|Abstract: In this literature review, we review studies from January 2014 to May 2020 that aimed to reduce lower-order stereotypy, defined as restrictive and repetitive behavior. Studies included in the present review were those in which (a) a functional behavior assessment identified automatic reinforcement to be the maintaining variable (b) direct observation and measurement of (c) stereotypy was conducted to (d) evaluate an intervention to reduce lower-order stereotypy. Studies that met the criteria for inclusion were evaluated along with a number of dimensions related to publication characteristics, subject and setting characteristics, quality of operational definitions, treatment categories, and the efficacy of treatment. Results of this literature review found the non-reporting of demographic and treatment variables led to ethical confounds and the inability to evaluate the relationship between demographic variables and treatment effects. This presentation will review demographic variables, treatment considerations, and future research considerations.|
|Subtyping Stereotypy and Delineating Effective Type-Based Treatment|
|KATHERINE HAGGERTY (Stride Autism Centers), Michael E. Kelley (University of Scranton), Justine Henry (Florida Institute of Technology ), Kimberly Sloman (The Scott Center for Autism Treatment/ Florida Institute of Technology ), Robert LaRue (Rutgers University)|
|Abstract: Individuals diagnosed with Autism Spectrum Disorder (ASD) often engage in automatically reinforced stereotypic behaviors, which are repetitive in nature, lack variability, and persist over time with no identifiable social function. We adapted subtyping procedures designed for self-injurious behavior to categorize stereotypy based on behavioral patterns generated in a competing items assessments and pairwise functional analysis. In Study 1, we demonstrated the efficacy of retrospective subtyping for stereotypy. In Study 2, we demonstrated the efficacy of prospective subtyping for stereotypy as a guide for treatment selection. In Study 3, we tested the predictive validity of the prospective subtyping for stereotypy by implementing targeted interventions for two of three participants. Results of Studies 1 and 2 were consistent with past research on automatically reinforced self-injurious behavior. Results of Study 3 demonstrated an effective, data-based approach to treatment selection for automatically maintained stereotypy.|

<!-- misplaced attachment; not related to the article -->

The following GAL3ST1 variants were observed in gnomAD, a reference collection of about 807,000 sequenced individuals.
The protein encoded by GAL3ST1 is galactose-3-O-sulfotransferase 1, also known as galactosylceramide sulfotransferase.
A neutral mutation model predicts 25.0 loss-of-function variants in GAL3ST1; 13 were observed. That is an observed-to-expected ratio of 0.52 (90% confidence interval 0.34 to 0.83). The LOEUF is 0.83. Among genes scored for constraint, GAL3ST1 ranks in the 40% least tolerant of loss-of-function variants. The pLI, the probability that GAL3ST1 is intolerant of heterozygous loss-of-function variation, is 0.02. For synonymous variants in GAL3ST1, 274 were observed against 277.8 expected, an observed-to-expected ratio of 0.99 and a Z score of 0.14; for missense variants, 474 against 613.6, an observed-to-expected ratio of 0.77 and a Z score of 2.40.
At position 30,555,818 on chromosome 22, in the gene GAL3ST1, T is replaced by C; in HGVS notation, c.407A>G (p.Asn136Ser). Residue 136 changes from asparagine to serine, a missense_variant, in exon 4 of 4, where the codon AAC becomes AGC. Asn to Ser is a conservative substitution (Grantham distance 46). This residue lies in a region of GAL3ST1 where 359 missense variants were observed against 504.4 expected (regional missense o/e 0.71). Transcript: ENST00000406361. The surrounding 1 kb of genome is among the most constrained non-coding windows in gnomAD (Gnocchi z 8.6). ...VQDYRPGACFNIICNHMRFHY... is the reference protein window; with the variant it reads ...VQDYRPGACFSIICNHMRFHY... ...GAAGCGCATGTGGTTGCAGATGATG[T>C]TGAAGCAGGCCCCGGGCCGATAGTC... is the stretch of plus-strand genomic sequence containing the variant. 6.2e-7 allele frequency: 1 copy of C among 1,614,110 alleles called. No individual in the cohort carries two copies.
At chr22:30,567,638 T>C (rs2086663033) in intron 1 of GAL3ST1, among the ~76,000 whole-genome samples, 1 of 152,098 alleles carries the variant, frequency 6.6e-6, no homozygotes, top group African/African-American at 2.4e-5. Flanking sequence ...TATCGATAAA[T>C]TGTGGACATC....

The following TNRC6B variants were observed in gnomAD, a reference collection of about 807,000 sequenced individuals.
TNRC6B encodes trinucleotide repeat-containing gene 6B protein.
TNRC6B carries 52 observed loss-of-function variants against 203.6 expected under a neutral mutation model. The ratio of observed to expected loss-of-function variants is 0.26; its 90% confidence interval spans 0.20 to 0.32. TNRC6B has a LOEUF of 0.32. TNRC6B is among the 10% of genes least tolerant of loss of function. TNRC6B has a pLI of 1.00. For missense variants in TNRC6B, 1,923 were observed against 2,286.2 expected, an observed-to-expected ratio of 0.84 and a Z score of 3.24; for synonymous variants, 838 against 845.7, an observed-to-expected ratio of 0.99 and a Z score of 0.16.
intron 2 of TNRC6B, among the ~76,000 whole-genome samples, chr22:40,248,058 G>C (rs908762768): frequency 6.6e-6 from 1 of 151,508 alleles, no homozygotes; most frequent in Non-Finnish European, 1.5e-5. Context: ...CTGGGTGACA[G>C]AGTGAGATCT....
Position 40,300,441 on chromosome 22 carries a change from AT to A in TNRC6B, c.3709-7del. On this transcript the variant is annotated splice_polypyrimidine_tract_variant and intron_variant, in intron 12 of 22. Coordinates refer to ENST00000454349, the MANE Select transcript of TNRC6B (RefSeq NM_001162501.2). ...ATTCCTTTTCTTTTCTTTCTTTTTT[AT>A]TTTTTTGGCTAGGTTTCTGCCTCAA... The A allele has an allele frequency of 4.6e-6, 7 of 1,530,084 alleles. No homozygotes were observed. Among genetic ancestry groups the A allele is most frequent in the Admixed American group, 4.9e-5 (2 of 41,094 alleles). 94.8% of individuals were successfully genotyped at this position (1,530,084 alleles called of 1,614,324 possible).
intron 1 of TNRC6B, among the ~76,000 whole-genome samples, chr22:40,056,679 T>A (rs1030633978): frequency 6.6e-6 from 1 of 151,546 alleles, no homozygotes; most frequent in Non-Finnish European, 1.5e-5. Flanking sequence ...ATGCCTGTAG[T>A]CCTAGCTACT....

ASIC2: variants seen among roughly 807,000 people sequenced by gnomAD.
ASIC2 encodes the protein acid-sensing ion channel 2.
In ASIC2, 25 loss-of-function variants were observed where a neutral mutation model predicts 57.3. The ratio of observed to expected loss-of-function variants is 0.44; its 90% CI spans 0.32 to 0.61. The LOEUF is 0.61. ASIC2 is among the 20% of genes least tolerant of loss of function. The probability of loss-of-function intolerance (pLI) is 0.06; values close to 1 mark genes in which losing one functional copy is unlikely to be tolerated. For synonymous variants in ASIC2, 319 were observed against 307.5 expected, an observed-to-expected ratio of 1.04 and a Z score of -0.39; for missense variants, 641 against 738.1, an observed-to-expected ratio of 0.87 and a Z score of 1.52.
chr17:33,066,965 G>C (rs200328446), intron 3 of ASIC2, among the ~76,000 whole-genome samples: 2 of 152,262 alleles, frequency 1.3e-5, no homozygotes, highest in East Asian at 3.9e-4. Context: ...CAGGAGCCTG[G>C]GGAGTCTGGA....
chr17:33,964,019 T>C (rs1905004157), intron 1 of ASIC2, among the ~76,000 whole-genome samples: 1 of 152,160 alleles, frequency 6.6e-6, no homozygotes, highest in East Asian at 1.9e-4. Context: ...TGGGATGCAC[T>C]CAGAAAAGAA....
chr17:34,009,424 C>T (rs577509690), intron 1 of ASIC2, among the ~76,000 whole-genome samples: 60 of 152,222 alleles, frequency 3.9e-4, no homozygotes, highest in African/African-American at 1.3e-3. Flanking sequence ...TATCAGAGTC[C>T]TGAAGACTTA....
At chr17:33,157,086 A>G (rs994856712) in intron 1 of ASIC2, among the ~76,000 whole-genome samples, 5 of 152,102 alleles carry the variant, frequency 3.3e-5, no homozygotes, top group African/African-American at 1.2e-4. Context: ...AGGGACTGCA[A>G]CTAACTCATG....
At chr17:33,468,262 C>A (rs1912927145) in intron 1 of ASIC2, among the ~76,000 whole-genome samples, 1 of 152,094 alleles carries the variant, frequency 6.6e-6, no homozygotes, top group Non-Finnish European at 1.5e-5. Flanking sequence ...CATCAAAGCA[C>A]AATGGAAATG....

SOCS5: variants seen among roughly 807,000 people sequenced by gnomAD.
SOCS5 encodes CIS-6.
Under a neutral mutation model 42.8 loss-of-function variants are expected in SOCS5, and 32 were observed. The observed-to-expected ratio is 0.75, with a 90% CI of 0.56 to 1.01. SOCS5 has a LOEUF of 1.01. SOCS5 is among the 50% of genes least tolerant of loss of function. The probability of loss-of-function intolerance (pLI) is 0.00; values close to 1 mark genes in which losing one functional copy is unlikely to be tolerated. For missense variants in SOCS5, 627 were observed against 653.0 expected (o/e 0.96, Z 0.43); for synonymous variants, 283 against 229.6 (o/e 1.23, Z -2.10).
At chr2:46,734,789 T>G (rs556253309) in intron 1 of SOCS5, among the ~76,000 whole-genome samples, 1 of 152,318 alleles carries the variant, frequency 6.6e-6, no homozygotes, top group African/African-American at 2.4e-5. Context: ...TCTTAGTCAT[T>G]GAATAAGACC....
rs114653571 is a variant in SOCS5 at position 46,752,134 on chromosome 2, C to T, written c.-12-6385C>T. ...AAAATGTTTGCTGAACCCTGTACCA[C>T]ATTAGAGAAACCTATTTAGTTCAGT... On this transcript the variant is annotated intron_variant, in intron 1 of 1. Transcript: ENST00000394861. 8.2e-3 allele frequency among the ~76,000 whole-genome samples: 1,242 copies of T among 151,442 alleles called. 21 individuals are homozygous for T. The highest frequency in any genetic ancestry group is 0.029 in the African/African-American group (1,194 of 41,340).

A Comparison of Continuous, Dense, and Lean Schedules of Noncontingent Access to Matched Competing Stimuli to Reduce Stereotypy
|MARY LLINAS (Florida Institute of Technology ), David A. Wilder (Florida Institute of Technology), Ryan Joseph Walz (ABA Technologies, Inc. )|
Noncontingent or response-independent access to matched, competing stimuli has been shown to be effective to decrease automatically maintained challenging behavior. Despite research on its effectiveness, various schedules of noncontingent access to matched competing stimuli have not been directly compared. The purpose of the current study was to compare the effectiveness of and preference for continuous, dense (fixed-time 30 s), and lean (fixed-time 60 s) schedules of noncontingent access to matched competing stimuli to decrease automatically maintained stereotypy exhibited by two children with autism. We also conducted a within session analysis of the lean condition to examine possible mechanisms responsible for the effects of the procedure. The results showed that the continuous schedule was most effective and most preferred to reduce stereotypy for both participants. A social validity measure indicated that the participant's caregivers approved of and preferred the continuous schedule.